Pandemic journal: Day 9 writing workshop

Drafted during Ericka Lutz’s Writing in Place virtual workshop, March 22 (Day 9 of voluntary social distancing)


  • Seeing, hugging, touching, being near, making eye contact with people I love
  • Casual touch of any kind
  • Seeing people organically, accidentally, in the normal course of things
  • (The normal course of things)
  • Sharing food
  • Going out to eat on a whim
  • (Or at all)
  • Picking up groceries blithely and easily, just because I’ve run out of something 
  • The sweet, sheltering community of our co-op preschool 
  • Any routines for my child that I’m not wholly responsible for enforcing at all times 
  • Dance class, oh, SV’s particular dance class: seeing who’s there that day, moving across the studio, learning phrases with my body
  • (I tried yesterday to recall some of the choreography from our most recent class and I couldn’t; I hadn’t yet had enough time with it; my mind has been too full with everything)
  • Variety in where I go each day
  • My Meetup walks around the lake: moving briskly! In nature! With strangers! In a group! 
  • Fresh haircuts, the buzz of a communal gathering space 
  • Public events of any kind
  • The Oakland Museum
  • Taking Owl to classes and play dates and on adventures 
  • The library as a neighborhood space
  • Being able to go to a place like preschool or our regular rotation of shops/restaurants or the hair salon without a plan to see anybody, but knowing we’ll see familiar faces nonetheless 
  • The organic, spontaneous encounters with other kids at school, either on my working day or otherwise; cuddly interactions with some, shy ones or sweet ones with others
  • Welcoming smiles from the teachers and other parents
  • The way this kind of passing-by lets us get to know people or see how they’re doing without effort, as opposed to reaching out over email or text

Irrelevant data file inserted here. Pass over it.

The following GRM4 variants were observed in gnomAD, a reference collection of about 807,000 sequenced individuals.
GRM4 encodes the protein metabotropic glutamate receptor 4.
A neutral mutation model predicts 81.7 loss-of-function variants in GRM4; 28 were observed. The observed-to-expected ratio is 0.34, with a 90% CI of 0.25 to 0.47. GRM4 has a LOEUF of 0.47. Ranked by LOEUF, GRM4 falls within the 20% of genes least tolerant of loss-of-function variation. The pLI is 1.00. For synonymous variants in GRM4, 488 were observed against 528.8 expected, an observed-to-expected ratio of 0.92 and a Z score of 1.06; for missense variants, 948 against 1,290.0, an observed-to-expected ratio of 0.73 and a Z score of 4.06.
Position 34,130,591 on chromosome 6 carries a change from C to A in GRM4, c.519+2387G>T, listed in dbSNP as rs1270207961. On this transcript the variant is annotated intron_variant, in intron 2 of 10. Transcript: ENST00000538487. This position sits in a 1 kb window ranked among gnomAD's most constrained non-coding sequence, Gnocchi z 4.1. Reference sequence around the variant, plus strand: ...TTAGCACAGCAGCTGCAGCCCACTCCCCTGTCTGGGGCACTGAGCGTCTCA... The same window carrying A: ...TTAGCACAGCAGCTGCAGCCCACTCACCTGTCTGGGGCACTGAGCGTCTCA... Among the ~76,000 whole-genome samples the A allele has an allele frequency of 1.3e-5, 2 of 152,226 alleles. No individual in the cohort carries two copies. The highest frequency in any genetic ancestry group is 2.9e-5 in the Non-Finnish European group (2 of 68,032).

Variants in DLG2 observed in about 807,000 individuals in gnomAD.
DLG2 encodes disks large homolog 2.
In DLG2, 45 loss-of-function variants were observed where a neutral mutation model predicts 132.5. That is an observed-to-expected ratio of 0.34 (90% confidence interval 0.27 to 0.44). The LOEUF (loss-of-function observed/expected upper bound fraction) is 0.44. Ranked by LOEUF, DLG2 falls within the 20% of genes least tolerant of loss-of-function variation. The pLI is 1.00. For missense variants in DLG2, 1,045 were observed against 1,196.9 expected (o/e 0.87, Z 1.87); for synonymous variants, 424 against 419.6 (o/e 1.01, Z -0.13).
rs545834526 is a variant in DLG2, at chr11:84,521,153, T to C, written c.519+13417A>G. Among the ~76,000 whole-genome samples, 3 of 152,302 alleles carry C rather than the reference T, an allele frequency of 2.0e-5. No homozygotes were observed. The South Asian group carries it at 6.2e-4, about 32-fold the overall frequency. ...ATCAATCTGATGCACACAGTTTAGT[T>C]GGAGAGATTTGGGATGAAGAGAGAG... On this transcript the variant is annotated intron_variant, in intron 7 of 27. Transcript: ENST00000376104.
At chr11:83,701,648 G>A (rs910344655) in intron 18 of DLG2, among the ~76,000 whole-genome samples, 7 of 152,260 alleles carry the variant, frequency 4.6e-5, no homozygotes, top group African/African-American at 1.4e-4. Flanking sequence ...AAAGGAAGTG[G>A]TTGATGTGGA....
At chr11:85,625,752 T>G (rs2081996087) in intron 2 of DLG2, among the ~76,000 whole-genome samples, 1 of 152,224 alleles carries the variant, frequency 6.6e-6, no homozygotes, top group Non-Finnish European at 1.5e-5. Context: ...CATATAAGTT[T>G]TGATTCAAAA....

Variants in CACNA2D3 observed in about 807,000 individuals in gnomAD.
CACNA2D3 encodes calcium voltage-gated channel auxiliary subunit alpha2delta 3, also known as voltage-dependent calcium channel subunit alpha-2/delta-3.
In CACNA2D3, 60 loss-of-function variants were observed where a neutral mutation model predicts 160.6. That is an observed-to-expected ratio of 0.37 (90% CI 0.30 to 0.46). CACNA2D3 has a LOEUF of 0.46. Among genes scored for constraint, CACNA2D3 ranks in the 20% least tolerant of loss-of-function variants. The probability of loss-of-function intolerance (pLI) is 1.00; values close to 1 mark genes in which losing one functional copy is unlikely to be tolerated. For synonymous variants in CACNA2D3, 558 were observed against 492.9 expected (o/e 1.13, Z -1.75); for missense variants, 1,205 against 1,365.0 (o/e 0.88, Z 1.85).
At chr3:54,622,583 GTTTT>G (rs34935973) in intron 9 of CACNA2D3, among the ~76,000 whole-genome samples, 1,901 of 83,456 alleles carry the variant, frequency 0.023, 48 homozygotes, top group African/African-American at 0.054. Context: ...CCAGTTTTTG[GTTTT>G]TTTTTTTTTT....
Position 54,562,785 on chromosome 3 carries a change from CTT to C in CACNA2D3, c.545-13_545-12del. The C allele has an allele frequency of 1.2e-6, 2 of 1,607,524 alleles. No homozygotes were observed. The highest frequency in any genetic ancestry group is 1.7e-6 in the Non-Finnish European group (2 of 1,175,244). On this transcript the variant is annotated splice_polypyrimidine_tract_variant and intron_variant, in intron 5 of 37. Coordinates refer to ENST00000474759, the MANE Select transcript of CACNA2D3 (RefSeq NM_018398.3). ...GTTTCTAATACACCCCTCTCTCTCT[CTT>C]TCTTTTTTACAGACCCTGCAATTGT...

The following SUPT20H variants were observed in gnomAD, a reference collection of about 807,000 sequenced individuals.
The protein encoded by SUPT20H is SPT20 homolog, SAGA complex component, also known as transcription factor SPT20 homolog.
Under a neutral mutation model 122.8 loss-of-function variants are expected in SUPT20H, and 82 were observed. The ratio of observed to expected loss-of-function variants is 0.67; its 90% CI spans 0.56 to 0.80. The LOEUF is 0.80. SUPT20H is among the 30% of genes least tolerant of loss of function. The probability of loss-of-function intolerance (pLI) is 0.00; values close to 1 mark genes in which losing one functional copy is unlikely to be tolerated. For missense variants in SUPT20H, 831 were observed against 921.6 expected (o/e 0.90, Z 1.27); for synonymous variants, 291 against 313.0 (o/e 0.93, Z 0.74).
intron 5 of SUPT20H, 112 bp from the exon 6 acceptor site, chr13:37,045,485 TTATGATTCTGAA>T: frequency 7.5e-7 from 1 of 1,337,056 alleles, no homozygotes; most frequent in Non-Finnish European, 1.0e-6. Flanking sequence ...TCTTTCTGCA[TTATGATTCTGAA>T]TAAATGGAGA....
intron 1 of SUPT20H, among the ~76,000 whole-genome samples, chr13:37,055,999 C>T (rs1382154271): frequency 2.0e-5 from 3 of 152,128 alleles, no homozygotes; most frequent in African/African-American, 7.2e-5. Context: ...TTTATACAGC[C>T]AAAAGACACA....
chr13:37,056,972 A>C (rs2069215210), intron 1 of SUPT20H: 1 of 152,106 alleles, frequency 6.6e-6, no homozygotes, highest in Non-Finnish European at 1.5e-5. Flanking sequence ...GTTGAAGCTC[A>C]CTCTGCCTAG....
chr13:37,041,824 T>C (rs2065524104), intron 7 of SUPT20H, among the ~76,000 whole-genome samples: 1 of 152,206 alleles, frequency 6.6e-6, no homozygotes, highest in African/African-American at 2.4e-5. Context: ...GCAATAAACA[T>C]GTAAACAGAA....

• Hearing the kids at the elementary school across the street 
  • Looking out my window to see crowds at the boba place, rather than upended yellow bar stools in the window and paper on their door that I know says “takeout only”


  • The absence of fear in almost any moment
  • Walking outside without anxiety or guilt
  • Making any kind of shopping transaction without anguish over the balance I’m choosing: potential infection versus supporting a small business or producer? Am I endangering others for my optional purchases? How can we abandon these stores to go down all on their own, unsupported by we who’ve been grateful for them many times over the years?
  • Being annoyed with my doctor, instead of afraid for her
  • Cooking or baking anything without at least a moment’s hesitation over whether this is unnecessarily depleting our supplies
  • Imagining, reasonably, that anyone I know over 65 — anyone of my parents’ generation — will still be here in a year or even by the end of this year or maybe even by fall
  • NOT feeling urgency to check in on my friends at any moment
  • Seeing delivery drivers, postal carriers, grocery workers, restaurant workers, rideshare or taxi drivers, elderly people without a visceral pang of worry on their behalf
  • The reasonable expectation that tomorrow will be like today, rather than an exponential explosion of horror, fear, and grief
  • Not having some anxiety over anything running low or running out, from art supplies to food
  • The blithe freedom to not disinfect things when we come in from the outside
  • Not feeling like I’m protecting our mortal lives every time I wash my hands